Nobody knew what had gone wrong with Humphrey. Perhaps it was his ectoplasm. Ectoplasm is the stuff that ghosts are made of and usually it is a ghastly, pale, slithery nothingness - a bit like the slime trails left by slugs in damp grass or the mist that rises out of disgusting moorland bogs. But Humphrey's ectoplasm was a peachy pink colour and reminded one of lamb's wool or summer clouds." (The Great Ghost Rescue)

of strange and loving aunts (fashioned after aunts of her childhood)-

"Aunt Etta and Aunt Coral and Aunt Myrtle were not natural kidnappers. For one thing, they were getting old and kidnapping is hard work; for another, though they looked a little odd, they were very caring people. They cared for their ancient father and for their shrivelled cousin Sybil who lived in a cave and tried to foretell the future - and most particularly they cared for the animals on the island on which they lived, many of which were quite unusual...
...So on a cool blustery day in April the three aunts gathered round the kitchen table and decided to go ahead. Some children had to be found and they had to be brought to the island, and kidnapping seemed the only sensible way to do it.
'That way we can choose the ones that are suitable,' said Aunt Etta. She was the eldest; a tall, bony woman who did fifty press-ups before breakfast and had a small but not at all unpleasant moustache on her upper lip.
The others looked out of the window at the soft green turf, the sparkling sea, and sighed, thinking of what had to be done. The sleeping powders, the drugged hamburgers, the bags and sacks and cello cases they would need to carry the children away in...
'Will they scream and wriggle, do you suppose?' asked Aunt Myrtle, who was the youngest. She suffered from headaches and hated noise." (Monster Mission)

of meetings and organizations of unusual creatures and their helpers (for her husband, a naturalist who loved unusual creatures)-

"Aunt Maud was right. There was someone who cared about ghosts and who cared about them very much. Two people to be exact; Miss Pringle, who was small and twittery with round blue eyes, and Mrs Mannering, who was big and bossy and wore jackets with huge shoulder pads and had a booming voice.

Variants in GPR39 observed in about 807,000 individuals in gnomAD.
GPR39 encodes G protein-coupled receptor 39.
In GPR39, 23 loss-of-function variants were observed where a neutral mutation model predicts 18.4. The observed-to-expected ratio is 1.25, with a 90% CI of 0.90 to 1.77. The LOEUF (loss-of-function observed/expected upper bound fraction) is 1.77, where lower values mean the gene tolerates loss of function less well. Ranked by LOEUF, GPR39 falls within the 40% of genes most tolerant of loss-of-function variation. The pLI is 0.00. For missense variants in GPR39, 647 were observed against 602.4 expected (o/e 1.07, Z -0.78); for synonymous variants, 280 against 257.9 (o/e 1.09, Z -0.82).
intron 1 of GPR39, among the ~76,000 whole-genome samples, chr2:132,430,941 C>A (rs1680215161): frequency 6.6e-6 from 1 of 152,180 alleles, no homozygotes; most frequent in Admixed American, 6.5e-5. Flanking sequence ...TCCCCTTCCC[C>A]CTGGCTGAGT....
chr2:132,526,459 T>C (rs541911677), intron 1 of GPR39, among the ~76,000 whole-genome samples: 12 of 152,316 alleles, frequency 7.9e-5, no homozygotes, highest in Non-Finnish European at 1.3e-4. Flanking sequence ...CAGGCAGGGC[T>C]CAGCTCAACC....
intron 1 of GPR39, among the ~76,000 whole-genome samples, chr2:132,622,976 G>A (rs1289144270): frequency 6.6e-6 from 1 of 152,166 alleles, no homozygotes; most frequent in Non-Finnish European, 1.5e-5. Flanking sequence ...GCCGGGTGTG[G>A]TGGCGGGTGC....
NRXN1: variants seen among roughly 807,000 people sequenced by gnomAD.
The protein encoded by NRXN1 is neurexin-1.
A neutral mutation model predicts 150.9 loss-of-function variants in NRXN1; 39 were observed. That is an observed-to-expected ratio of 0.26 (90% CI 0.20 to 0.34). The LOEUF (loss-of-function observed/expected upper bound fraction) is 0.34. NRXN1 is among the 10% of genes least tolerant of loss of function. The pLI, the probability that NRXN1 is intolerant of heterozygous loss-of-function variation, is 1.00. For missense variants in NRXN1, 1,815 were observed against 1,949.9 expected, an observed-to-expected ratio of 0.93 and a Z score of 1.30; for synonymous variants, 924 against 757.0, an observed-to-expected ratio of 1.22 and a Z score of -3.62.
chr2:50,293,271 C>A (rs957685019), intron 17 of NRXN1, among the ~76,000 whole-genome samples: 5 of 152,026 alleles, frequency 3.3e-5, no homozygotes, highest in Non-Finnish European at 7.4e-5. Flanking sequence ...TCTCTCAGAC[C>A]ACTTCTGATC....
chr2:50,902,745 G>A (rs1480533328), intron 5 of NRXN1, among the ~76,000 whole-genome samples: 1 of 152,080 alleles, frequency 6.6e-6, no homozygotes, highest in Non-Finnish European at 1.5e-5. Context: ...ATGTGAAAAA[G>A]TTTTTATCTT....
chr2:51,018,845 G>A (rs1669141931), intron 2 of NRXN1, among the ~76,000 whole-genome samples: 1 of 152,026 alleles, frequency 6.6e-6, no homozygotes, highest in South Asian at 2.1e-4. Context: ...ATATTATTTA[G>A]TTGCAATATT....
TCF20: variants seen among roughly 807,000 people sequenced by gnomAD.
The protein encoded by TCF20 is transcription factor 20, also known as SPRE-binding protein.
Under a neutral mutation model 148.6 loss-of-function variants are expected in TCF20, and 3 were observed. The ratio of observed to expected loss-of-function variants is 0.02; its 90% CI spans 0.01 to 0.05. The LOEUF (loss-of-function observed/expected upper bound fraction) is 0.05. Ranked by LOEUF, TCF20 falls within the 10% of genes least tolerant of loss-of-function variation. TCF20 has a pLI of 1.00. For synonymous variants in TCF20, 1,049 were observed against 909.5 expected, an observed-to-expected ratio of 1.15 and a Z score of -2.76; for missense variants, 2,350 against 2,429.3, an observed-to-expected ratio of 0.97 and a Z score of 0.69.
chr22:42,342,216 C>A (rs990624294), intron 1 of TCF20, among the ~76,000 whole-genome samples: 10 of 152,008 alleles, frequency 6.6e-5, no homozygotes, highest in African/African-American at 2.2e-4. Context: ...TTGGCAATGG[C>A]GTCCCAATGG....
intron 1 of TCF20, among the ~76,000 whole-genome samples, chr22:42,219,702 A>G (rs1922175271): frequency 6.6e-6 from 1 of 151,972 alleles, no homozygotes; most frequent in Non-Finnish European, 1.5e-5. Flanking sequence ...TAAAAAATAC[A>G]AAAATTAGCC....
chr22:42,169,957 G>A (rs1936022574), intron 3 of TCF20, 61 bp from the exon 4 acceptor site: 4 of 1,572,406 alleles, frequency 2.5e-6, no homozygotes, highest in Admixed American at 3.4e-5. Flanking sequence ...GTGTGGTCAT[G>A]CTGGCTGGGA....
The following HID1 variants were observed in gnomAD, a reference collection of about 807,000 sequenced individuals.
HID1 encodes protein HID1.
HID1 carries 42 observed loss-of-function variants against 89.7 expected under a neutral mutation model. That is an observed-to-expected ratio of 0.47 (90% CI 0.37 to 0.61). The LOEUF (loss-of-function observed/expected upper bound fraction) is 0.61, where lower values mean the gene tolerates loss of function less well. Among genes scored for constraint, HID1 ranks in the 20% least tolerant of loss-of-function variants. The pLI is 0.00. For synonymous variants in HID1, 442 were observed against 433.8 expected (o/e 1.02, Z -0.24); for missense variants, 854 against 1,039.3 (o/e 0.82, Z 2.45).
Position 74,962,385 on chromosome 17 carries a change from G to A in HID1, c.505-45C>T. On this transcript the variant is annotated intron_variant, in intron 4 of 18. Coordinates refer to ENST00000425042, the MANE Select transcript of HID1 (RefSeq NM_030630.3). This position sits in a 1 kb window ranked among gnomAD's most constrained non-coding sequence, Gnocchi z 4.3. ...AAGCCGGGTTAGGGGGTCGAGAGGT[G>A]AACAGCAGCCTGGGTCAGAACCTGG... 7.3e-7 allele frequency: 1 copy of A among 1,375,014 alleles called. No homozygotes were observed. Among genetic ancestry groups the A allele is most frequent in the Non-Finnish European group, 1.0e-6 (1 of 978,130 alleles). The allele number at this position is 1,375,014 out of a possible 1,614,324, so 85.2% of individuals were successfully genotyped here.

The two ladies had met at an evening class for witches. They were interested in unusual ways of living and thought they might have had Special Powers, which would have been nice. But they hadn't enjoyed the classes at all. They were held in a basement near Paddington Station and the other people there had wanted to do things that Miss Pringle and Mrs Mannering could not possibly approve of, like doing anticlockwise dances dressed in nothing but their underclothes and sticking pins into puppets which had taken some poor person a long time to make.
All the same, the classes must have done some good because afterwards both the ladies found that they were much better than they had been before at seeing ghosts." (Dial a Ghost)

Her adult romances (now marketed for young adults) describe the strange, devastating and eventually blissful lives of people in love. Definitely not for the cynics, they are at times illogical, indulgent, emotional - yet have a strange hold on the reader because of the unusual settings, the temperamental and sometimes funny secondary characters and how all these affect the fates of the endearing, idealistic young lovers.

" 'You cannot be a housemaid, Anna,' said Miss Pinfold firmly. 'It is quite absurd. It is out of the question.'
'Yes I can. Pinny. I must. It is the only job they had vacant at the registry office. Mersham is a very beautiful house, the lady told me, and it is in the country so it will be healthy, with fresh air!'